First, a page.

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Coeur d’Alene-Spokane Valley Area is One of the Most-Polluted Areas in the Country According to 2019 ‘State of the Air’ Report

Wildfires across the state impact air pollution

(April 24, 2019) - COEUR D'ALENE, Idaho

For more information please contact:

Holly Harvey
[email protected]
(206) 512-3292

The Coeur d’Alene-Spokane Valley area is now tied for the 15th most-polluted area for short-term particle pollution in the nation, and across Idaho air quality is getting worse, according to the American Lung Association’s 2019 “State of the Air” report.

The report tracked short-term spikes in particle pollution, as these can be extremely dangerous and even lethal. The Coeur d’Alene-Spokane Valley area had its highest-ever weighted average number of days with spikes in particle levels and many of these spikes in were directly linked to events like wildfires, which are increasing in frequency and intensity in many areas due to climate change.

“People living in here should be aware that we’re breathing unhealthy air, and much of this unhealthy air is driven by wildfires that are a result of climate change, placing our health and lives at risk,” said Heather Kimmel, Health Promotions Director for the American Lung Association in Idaho. “In addition to challenges in Coeur d’Alene, air quality has gotten worse across Idaho and we have to do more to protect public health.”

Across the state, the Logan UT-ID area and Pocatello areas rank as the 11th and 25th most-polluted areas respectively in the nation for short-term particle pollution, worse than last year. Lemhi County and Shoshone County rank 15th and 17th most-polluted for annual particle pollution respectively in the U.S.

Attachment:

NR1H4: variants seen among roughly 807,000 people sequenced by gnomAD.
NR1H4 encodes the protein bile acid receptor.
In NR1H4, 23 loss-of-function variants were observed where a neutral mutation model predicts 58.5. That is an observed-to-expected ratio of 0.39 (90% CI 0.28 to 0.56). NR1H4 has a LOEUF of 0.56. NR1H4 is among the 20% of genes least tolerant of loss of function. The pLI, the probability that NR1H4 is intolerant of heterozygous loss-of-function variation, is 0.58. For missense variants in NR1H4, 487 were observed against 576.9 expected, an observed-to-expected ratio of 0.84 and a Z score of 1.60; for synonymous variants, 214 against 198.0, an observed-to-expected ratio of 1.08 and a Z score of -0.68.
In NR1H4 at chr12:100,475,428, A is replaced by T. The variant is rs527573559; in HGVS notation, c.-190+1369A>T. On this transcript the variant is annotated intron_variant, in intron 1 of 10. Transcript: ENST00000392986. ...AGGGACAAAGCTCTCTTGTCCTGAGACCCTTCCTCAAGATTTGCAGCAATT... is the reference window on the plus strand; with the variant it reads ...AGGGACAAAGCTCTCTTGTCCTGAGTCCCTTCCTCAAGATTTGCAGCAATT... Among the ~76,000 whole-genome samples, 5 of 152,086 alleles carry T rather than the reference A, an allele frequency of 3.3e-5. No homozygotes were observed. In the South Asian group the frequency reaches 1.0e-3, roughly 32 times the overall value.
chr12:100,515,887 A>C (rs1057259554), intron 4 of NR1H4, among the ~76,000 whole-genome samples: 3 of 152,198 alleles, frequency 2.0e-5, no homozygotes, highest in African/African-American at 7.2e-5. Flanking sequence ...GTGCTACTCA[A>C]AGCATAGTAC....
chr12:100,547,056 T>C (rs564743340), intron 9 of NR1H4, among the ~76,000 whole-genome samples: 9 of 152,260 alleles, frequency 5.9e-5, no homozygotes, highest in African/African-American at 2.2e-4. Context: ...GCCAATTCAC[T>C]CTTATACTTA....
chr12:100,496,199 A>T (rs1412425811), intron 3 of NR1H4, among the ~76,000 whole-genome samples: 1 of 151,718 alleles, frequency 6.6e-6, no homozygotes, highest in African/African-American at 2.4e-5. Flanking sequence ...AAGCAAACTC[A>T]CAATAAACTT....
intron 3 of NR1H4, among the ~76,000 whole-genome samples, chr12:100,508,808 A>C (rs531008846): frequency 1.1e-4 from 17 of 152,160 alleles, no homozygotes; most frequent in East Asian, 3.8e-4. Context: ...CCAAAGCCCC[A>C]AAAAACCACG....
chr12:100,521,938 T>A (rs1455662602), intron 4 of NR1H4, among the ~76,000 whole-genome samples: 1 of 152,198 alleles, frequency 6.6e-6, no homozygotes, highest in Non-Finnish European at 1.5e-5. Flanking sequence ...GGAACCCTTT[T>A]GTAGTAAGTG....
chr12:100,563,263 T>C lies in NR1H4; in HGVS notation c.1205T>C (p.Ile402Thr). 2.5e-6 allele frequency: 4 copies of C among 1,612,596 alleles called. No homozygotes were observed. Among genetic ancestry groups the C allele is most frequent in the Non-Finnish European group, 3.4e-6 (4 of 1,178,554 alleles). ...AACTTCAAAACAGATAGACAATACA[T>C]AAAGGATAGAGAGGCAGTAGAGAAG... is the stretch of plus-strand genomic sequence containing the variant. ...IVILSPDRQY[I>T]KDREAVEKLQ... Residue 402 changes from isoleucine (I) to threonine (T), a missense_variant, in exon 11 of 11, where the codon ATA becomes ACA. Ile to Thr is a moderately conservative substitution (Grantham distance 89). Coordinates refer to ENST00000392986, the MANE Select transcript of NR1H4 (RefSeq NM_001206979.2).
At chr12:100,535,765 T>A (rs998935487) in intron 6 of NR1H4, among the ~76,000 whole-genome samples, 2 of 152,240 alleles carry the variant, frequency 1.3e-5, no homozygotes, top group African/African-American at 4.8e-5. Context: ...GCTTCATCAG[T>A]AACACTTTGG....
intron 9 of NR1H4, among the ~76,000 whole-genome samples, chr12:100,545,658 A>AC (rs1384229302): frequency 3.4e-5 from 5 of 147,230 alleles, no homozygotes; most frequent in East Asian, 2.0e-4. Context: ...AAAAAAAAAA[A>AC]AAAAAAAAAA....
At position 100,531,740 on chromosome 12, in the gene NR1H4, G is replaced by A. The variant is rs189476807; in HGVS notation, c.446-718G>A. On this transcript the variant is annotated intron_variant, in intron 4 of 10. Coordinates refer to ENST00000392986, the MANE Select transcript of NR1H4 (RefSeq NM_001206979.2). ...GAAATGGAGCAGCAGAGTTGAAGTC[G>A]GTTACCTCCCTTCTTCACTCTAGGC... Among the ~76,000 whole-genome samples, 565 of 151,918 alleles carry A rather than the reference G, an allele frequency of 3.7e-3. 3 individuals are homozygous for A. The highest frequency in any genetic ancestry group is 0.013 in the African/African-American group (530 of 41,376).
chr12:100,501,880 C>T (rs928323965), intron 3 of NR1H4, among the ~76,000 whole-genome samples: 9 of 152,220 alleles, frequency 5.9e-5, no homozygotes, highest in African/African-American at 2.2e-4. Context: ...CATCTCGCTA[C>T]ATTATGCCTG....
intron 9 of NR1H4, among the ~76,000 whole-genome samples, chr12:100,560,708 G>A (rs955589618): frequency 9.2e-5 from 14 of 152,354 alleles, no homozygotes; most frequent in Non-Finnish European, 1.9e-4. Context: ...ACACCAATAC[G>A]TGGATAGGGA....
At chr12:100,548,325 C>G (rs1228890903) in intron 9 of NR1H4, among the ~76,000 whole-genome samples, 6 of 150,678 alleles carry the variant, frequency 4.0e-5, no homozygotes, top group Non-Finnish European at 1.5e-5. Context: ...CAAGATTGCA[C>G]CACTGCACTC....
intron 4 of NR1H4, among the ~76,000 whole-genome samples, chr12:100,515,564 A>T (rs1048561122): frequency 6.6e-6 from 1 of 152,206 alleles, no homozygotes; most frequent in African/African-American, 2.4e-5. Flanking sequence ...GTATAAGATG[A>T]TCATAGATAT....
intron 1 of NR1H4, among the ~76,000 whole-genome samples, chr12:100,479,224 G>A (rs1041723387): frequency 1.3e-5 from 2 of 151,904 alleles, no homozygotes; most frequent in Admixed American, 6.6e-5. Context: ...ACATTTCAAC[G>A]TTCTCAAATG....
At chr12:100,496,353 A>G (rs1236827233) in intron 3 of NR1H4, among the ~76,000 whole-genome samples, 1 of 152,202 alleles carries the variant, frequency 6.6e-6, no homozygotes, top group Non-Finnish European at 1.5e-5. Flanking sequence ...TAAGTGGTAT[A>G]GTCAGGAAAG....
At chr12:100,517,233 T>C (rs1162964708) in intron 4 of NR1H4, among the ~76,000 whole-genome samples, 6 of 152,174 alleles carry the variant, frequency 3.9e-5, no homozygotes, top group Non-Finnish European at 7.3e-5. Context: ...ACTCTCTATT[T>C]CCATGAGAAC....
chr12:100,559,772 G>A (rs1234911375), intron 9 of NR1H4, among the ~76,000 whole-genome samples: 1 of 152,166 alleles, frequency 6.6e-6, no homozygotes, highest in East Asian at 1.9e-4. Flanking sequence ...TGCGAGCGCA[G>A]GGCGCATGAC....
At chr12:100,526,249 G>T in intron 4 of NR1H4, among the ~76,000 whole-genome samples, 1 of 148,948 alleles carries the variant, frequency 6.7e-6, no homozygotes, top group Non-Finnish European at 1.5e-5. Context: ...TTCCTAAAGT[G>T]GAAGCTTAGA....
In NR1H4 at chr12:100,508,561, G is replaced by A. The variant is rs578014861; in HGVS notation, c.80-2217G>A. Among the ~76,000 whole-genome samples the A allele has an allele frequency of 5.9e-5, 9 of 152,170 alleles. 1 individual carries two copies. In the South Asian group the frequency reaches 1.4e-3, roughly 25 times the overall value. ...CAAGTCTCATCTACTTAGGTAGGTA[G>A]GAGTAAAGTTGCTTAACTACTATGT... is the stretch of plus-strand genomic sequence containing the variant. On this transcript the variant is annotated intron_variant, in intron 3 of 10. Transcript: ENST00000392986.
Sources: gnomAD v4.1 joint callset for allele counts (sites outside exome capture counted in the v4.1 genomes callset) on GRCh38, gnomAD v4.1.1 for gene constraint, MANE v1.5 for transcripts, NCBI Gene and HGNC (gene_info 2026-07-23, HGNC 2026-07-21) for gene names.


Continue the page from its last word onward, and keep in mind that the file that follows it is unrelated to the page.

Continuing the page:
Each year the “State of the Air” provides a report card on the two most widespread outdoor air pollutants, ozone pollution, also known as smog, and particle pollution, also called soot. The report analyzes particle pollution in two ways: through average annual particle pollution levels and short-term spikes in particle pollution. Both ozone and particle pollution are dangerous to public health and can increase the risk of premature death and other serious health effects such as lung cancer, asthma attacks, cardiovascular damage, and developmental and reproductive harm.

“Particle pollution is made of soot or tiny particles that come from coal-fired power plants, diesel emissions, wildfires and wood-burning devices. These particles are so small that they can lodge deep in the lungs and trigger asthma attacks, heart attacks and strokes, and can even be lethal,” said Kimmel.

While the report examined data from 2015-2017, this 20th annual report online provides information on air pollution trends back to the first report. Learn more about Coeur d’Alene’s rankings, as well as air quality across Idaho and the nation, in the 2019 “State of the Air” report at Lung.org/sota. For media interested in speaking with an expert about lung health, healthy air, and threats to air quality, contact Holly Harvey at [email protected] or 206-512-3292.

Top twenty-five most polluted cities for short-term particle pollution
1.   Bakersfield, CA
2.   Fresno-Madera-Hanford, CA §
3.   Fairbanks, AK
4.   San Jose-San Francisco-Oakland, CA §
5.   Missoula, MT
6.   Yakima, WA
7.   Los Angeles-Long Beach, CA
8.   Salt Lake City-Provo-Orem, UT*
9.   Seattle-Tacoma, WA
10.  Pittsburgh-New Castle-Weirton, PA-OH-WV
11.  Logan, UT-ID
12.  Visalia, CA
13. Phoenix-Mesa, AZ
14. El Centro, CA
15. Spokane-Spokane Valley-Coeur d’Alene, WA-ID (tie)
15. Sacramento-Roseville, CA (tie)
17. Medford-Grants Pass, OR (tie)
17. Santa Maria-Santa Barbara, CA (tie)
19. Eugene-Springfield, OR
20. Salinas, CA
21. Anchorage, AK
22. Bend-Prineville, OR
23. Portland-Vancouver-Salem, OR-WA
25. Bismarck, ND (tie)
25. Pocatello, ID (tie)

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About the American Lung Association

The American Lung Association is the leading organization working to save lives by improving lung health and preventing lung disease, through research, education and advocacy. The work of the American Lung Association is focused on four strategic imperatives: to defeat lung cancer; to improve the air we breathe; to reduce the burden of lung disease on individuals and their families; and to eliminate tobacco use and tobacco-related diseases. For more information about the American Lung Association, a holder of the coveted 4-star rating from Charity Navigator and a Gold-Level GuideStar Member, or to support the work it does, call 1-800-LUNGUSA (1-800-586-4872) or visit: Lung.org.

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